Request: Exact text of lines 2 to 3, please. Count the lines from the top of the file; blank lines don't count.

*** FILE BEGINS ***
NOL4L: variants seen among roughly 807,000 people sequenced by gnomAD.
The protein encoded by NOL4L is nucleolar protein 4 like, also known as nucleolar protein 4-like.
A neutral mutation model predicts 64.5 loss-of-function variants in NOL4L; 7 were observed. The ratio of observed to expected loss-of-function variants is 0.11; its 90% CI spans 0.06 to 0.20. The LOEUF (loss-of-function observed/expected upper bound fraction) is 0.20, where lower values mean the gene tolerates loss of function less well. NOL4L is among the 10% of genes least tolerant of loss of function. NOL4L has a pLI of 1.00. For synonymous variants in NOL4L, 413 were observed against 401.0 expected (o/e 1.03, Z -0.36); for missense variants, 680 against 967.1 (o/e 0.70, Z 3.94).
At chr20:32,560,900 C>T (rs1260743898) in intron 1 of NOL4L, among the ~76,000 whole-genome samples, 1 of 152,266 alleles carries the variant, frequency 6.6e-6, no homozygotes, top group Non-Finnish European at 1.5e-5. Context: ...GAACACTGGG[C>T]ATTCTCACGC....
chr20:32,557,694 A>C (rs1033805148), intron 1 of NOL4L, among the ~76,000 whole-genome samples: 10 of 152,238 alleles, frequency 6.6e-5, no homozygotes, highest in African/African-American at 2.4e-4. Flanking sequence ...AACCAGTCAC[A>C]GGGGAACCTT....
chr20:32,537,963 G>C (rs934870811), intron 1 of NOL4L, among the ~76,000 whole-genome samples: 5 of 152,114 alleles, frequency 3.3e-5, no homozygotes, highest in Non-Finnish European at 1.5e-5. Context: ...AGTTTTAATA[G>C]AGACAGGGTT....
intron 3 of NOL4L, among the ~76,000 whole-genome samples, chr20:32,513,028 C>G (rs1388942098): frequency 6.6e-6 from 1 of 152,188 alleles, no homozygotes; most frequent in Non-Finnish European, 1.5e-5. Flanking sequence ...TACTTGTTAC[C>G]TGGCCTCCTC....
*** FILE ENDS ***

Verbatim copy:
The protein encoded by NOL4L is nucleolar protein 4 like, also known as nucleolar protein 4-like.
A neutral mutation model predicts 64.5 loss-of-function variants in NOL4L; 7 were observed. The ratio of observed to expected loss-of-function variants is 0.11; its 90% CI spans 0.06 to 0.20. The LOEUF (loss-of-function observed/expected upper bound fraction) is 0.20, where lower values mean the gene tolerates loss of function less well. NOL4L is among the 10% of genes least tolerant of loss of function. NOL4L has a pLI of 1.00. For synonymous variants in NOL4L, 413 were observed against 401.0 expected (o/e 1.03, Z -0.36); for missense variants, 680 against 967.1 (o/e 0.70, Z 3.94).